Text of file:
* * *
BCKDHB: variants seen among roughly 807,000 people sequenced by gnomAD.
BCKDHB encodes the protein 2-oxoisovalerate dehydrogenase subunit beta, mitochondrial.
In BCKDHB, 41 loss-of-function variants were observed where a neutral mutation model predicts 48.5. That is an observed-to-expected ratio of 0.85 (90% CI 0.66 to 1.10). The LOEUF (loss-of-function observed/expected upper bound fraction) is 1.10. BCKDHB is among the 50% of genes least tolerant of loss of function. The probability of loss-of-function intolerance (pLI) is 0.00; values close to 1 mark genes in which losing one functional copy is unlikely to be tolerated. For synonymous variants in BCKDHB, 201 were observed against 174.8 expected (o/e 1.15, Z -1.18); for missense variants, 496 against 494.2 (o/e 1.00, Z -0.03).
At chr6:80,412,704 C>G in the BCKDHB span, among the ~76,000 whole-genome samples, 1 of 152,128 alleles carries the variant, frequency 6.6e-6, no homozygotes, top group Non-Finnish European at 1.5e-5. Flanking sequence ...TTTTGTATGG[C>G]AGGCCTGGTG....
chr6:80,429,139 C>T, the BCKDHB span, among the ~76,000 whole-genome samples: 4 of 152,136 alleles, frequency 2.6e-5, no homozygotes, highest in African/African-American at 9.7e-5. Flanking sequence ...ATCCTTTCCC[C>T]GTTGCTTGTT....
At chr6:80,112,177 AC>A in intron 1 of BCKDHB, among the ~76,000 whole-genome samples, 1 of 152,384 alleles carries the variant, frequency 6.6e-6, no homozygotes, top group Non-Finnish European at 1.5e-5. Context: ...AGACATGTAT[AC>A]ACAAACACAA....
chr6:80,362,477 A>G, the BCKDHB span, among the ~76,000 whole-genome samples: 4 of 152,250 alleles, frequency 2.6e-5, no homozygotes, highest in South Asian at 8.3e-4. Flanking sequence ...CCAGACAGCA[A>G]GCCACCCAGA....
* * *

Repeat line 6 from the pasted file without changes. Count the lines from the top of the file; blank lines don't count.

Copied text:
At chr6:80,112,177 AC>A in intron 1 of BCKDHB, among the ~76,000 whole-genome samples, 1 of 152,384 alleles carries the variant, frequency 6.6e-6, no homozygotes, top group Non-Finnish European at 1.5e-5. Context: ...AGACATGTAT[AC>A]ACAAACACAA....